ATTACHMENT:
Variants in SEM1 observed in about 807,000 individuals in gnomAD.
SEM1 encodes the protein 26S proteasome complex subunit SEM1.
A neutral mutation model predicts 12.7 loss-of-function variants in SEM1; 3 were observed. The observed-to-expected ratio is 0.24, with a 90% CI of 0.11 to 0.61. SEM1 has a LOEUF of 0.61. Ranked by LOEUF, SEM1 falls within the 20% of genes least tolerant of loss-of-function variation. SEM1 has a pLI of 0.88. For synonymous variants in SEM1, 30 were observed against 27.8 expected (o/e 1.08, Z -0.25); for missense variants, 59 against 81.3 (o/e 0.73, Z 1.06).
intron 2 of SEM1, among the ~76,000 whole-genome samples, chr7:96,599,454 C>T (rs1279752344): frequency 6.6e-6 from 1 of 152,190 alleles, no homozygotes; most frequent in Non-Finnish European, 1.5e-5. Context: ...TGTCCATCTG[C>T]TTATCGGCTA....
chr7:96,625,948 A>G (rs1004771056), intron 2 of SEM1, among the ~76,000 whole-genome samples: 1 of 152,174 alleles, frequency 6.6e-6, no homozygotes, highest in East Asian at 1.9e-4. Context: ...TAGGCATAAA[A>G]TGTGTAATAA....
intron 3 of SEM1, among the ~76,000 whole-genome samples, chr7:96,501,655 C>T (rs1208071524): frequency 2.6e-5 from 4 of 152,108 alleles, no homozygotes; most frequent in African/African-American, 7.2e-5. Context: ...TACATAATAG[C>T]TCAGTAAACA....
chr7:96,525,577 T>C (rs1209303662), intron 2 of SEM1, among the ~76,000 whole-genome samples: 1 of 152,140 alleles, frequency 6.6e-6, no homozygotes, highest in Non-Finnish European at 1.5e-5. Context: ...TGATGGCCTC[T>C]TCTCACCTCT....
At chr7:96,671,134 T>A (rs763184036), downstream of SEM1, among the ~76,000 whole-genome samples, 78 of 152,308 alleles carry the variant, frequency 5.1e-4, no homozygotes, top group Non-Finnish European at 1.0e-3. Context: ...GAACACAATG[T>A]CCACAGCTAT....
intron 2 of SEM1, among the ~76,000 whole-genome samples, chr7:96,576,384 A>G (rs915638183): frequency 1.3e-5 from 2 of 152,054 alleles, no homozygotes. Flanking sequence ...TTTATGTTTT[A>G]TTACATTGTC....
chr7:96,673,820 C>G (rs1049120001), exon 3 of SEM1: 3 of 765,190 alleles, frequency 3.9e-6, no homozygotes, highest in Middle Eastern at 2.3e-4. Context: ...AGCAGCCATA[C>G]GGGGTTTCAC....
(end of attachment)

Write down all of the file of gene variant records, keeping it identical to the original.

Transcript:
Variants in SEM1 observed in about 807,000 individuals in gnomAD.
SEM1 encodes the protein 26S proteasome complex subunit SEM1.
A neutral mutation model predicts 12.7 loss-of-function variants in SEM1; 3 were observed. The observed-to-expected ratio is 0.24, with a 90% CI of 0.11 to 0.61. SEM1 has a LOEUF of 0.61. Ranked by LOEUF, SEM1 falls within the 20% of genes least tolerant of loss-of-function variation. SEM1 has a pLI of 0.88. For synonymous variants in SEM1, 30 were observed against 27.8 expected (o/e 1.08, Z -0.25); for missense variants, 59 against 81.3 (o/e 0.73, Z 1.06).
intron 2 of SEM1, among the ~76,000 whole-genome samples, chr7:96,599,454 C>T (rs1279752344): frequency 6.6e-6 from 1 of 152,190 alleles, no homozygotes; most frequent in Non-Finnish European, 1.5e-5. Context: ...TGTCCATCTG[C>T]TTATCGGCTA....
chr7:96,625,948 A>G (rs1004771056), intron 2 of SEM1, among the ~76,000 whole-genome samples: 1 of 152,174 alleles, frequency 6.6e-6, no homozygotes, highest in East Asian at 1.9e-4. Context: ...TAGGCATAAA[A>G]TGTGTAATAA....
intron 3 of SEM1, among the ~76,000 whole-genome samples, chr7:96,501,655 C>T (rs1208071524): frequency 2.6e-5 from 4 of 152,108 alleles, no homozygotes; most frequent in African/African-American, 7.2e-5. Context: ...TACATAATAG[C>T]TCAGTAAACA....
chr7:96,525,577 T>C (rs1209303662), intron 2 of SEM1, among the ~76,000 whole-genome samples: 1 of 152,140 alleles, frequency 6.6e-6, no homozygotes, highest in Non-Finnish European at 1.5e-5. Context: ...TGATGGCCTC[T>C]TCTCACCTCT....
At chr7:96,671,134 T>A (rs763184036), downstream of SEM1, among the ~76,000 whole-genome samples, 78 of 152,308 alleles carry the variant, frequency 5.1e-4, no homozygotes, top group Non-Finnish European at 1.0e-3. Context: ...GAACACAATG[T>A]CCACAGCTAT....
intron 2 of SEM1, among the ~76,000 whole-genome samples, chr7:96,576,384 A>G (rs915638183): frequency 1.3e-5 from 2 of 152,054 alleles, no homozygotes. Flanking sequence ...TTTATGTTTT[A>G]TTACATTGTC....
chr7:96,673,820 C>G (rs1049120001), exon 3 of SEM1: 3 of 765,190 alleles, frequency 3.9e-6, no homozygotes, highest in Middle Eastern at 2.3e-4. Context: ...AGCAGCCATA[C>G]GGGGTTTCAC....